The Inspector program allows you to see the actual lvalue and rvalue of a variable. Figure 4.3 shows a sample run of the program.
Figure 4.3. The Inspector program.
As you can see, the program has a defined variable named Age , and it has asked the Windows operating system for enough memory (that is, 4 bytes) to store the Integer variable named Age . Evidently, the request is successful, as you can see from the lvalue of 11784596 . (The program displays the memory address in hexadecimal notation as well as in decimal because that is the numbering system that Windows uses for memory addresses.) You can also see from Figure 4.3 that the Age variable has been initialized with the value of , which is the current (default) rvalue for Age .
Now, type the number 34 into the rvalue text box and then click the Inspect button. Doing this produces the information shown in Figure 4.4.
Figure 4.4. Output of the Inspector program after the assignment statement is processed .
Note the changes in the display. First, look at the text box below the Memory Image label. It shows these values:
22 0 0 0
This is the value 34 expressed in hexadecimal. (Because hexadecimal is a base-16 numbering system, you take the first 2, multiply it by 16 to get 32, and then add the second 2 to get 34.) Therefore, the first memory byte used by Age ”memory address 11784596 ”has the numeric value 34 stored in it. The other three memory addresses used by Age are all because the value 34 can be stored in a single byte. Therefore, any value stored in the first byte is scaled by the value 1. If you had a value stored in the second byte, it would be scaled by 256 because the first byte can only store a value between 0 and 255. Remember that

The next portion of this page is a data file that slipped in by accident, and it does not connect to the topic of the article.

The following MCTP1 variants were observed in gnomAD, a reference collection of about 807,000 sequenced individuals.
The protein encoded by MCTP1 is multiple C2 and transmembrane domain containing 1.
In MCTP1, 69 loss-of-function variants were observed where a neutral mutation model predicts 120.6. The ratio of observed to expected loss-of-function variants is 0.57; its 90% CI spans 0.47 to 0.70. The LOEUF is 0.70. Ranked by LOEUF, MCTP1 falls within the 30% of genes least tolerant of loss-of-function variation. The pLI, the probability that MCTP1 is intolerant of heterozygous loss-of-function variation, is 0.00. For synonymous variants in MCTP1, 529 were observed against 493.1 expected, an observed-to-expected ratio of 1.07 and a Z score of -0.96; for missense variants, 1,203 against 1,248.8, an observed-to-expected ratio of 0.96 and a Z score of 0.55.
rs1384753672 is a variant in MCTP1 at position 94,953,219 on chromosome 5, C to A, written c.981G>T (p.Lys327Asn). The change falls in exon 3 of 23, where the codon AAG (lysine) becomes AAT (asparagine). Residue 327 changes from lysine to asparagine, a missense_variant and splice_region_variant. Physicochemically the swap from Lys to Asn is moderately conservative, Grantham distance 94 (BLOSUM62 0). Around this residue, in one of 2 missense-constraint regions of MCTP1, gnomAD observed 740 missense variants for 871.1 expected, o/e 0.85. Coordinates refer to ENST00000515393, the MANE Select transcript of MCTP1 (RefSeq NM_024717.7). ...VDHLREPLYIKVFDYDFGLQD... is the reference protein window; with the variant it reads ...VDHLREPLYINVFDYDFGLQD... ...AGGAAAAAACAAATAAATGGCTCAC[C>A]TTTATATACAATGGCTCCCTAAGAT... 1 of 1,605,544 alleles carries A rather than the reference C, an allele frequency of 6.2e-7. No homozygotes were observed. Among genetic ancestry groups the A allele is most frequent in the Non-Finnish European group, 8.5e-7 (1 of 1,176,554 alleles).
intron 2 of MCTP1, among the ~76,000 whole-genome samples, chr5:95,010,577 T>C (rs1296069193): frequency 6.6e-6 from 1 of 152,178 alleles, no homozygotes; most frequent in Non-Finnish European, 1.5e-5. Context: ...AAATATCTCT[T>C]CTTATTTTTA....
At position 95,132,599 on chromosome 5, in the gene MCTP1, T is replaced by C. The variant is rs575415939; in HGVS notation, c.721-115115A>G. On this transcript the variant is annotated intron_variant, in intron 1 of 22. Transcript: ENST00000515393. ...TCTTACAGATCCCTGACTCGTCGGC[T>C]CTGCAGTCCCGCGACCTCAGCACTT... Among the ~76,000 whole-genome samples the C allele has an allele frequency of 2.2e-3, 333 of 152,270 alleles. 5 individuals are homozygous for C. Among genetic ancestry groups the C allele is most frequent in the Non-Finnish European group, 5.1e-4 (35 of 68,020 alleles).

2 8 = 256
Because the first byte in an Integer data type uses 8 bits, anything stored in the second byte must be scaled by 256 to determine its actual (decimal) numeric value.
In similar fashion, anything stored in the third byte is scaled by this:
2 16 = 65536
and the fourth byte is scaled by this:
2 24 = 16777216
Adding all the values together determines the final Integer value that is stored in the 4 bytes associated with the variable named Age .
Try using a value for Age that is larger than will fit in a single byte: Use an rvalue of 1000 . The result is shown in Figure 4.5.
Figure 4.5. The Inspector program, using the rvalue 1000 .
When you do the conversion, the hex value E8 , as stored in the first byte, is 232 in decimal. When multiplied by its scalar value of 1, its value is 232 . The second byte of the Integer variable Age has the value 3 . After it is multiplied by its scalar value of 256, its value becomes 768 (that is, 256 x 3 = 768). The remaining bytes for Age are , yielding scaled values of . Adding the numbers produces a decimal value of 1,000, which is exactly what the rvalue of Age should be.
Figure 4.6 shows one more run of the Inspector program, using the one million for the rvalue .
Figure 4.6. The Inspector program, using the value of 1,000,000.
You should be able to convince yourself that the proper rvalue has been assigned to Age .
There is one more thing to notice in Figures 4.3 through 4.6. In each run of the program, the lvalue of Age does not change. Although this has no real impact on how the program runs, it does illustrate an important point: It is the operating system, not Visual Basic .NET, that determines the lvalue for a variable. For this reason, a Visual Basic .NET program you write should never attempt to change the lvalue of a variable. If you tried to change an lvalue , you might assign a value into a piece of memory that Windows is using for some other purpose, and that is almost never a good thing!
One more thing you can prove by using the Inspector program is that Windows stores memory addresses in a rather weird way. If you type in the lvalue (that is, 11784596 ) as the rvalue , you should see the lvalue expressed in hex in the Memory Image text box. This is shown in Figure 4.7.
Figure 4.7. The Inspector program, using the lvalue of Age as the rvalue .
Notice that the lvalue in hex is B3D194 , but the rvalue is stored as 94 D1 B3 . Yet when you look at the scaled number, everything works out correctly. The reason it works this way is because the CPU stores memory addresses with the least significant memory byte first, progressing to the most significant memory bytes. There are some technical reasons the chipmakers use this format for memory addresses, but you need not concern yourself about that at this point. Still, you might want to keep this tidbit of information in mind because you never know when this topic will come up at a cocktail party.